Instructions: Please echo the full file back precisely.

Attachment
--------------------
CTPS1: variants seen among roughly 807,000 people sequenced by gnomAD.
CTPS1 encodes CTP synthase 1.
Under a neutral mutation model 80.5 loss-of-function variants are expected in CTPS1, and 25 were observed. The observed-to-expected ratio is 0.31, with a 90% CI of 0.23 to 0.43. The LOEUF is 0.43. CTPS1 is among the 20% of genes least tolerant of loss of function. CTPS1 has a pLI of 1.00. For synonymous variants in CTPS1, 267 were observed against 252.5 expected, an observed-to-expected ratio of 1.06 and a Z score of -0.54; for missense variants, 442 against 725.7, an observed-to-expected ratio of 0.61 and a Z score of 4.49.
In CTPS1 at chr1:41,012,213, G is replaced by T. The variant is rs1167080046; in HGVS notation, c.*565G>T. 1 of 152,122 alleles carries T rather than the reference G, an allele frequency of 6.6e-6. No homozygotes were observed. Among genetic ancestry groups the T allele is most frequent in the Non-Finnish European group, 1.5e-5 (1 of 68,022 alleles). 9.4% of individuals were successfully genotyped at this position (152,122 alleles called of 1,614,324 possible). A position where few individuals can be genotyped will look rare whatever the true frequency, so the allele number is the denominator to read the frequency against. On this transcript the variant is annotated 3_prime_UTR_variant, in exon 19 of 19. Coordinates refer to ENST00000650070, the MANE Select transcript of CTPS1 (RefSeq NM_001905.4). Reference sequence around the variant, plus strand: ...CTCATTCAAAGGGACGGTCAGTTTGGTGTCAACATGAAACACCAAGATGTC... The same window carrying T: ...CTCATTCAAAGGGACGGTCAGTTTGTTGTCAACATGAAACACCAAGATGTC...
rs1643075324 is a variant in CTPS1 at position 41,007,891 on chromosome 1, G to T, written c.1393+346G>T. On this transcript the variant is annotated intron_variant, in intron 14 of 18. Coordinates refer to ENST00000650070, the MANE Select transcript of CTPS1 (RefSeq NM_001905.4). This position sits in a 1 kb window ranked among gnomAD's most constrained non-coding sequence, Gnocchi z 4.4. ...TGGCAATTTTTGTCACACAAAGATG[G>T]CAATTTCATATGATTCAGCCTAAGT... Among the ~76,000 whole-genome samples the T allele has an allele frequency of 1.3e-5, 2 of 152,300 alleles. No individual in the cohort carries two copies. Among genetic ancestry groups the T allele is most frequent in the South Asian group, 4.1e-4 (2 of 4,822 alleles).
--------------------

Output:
CTPS1: variants seen among roughly 807,000 people sequenced by gnomAD.
CTPS1 encodes CTP synthase 1.
Under a neutral mutation model 80.5 loss-of-function variants are expected in CTPS1, and 25 were observed. The observed-to-expected ratio is 0.31, with a 90% CI of 0.23 to 0.43. The LOEUF is 0.43. CTPS1 is among the 20% of genes least tolerant of loss of function. CTPS1 has a pLI of 1.00. For synonymous variants in CTPS1, 267 were observed against 252.5 expected, an observed-to-expected ratio of 1.06 and a Z score of -0.54; for missense variants, 442 against 725.7, an observed-to-expected ratio of 0.61 and a Z score of 4.49.
In CTPS1 at chr1:41,012,213, G is replaced by T. The variant is rs1167080046; in HGVS notation, c.*565G>T. 1 of 152,122 alleles carries T rather than the reference G, an allele frequency of 6.6e-6. No homozygotes were observed. Among genetic ancestry groups the T allele is most frequent in the Non-Finnish European group, 1.5e-5 (1 of 68,022 alleles). 9.4% of individuals were successfully genotyped at this position (152,122 alleles called of 1,614,324 possible). A position where few individuals can be genotyped will look rare whatever the true frequency, so the allele number is the denominator to read the frequency against. On this transcript the variant is annotated 3_prime_UTR_variant, in exon 19 of 19. Coordinates refer to ENST00000650070, the MANE Select transcript of CTPS1 (RefSeq NM_001905.4). Reference sequence around the variant, plus strand: ...CTCATTCAAAGGGACGGTCAGTTTGGTGTCAACATGAAACACCAAGATGTC... The same window carrying T: ...CTCATTCAAAGGGACGGTCAGTTTGTTGTCAACATGAAACACCAAGATGTC...
rs1643075324 is a variant in CTPS1 at position 41,007,891 on chromosome 1, G to T, written c.1393+346G>T. On this transcript the variant is annotated intron_variant, in intron 14 of 18. Coordinates refer to ENST00000650070, the MANE Select transcript of CTPS1 (RefSeq NM_001905.4). This position sits in a 1 kb window ranked among gnomAD's most constrained non-coding sequence, Gnocchi z 4.4. ...TGGCAATTTTTGTCACACAAAGATG[G>T]CAATTTCATATGATTCAGCCTAAGT... Among the ~76,000 whole-genome samples the T allele has an allele frequency of 1.3e-5, 2 of 152,300 alleles. No individual in the cohort carries two copies. Among genetic ancestry groups the T allele is most frequent in the South Asian group, 4.1e-4 (2 of 4,822 alleles).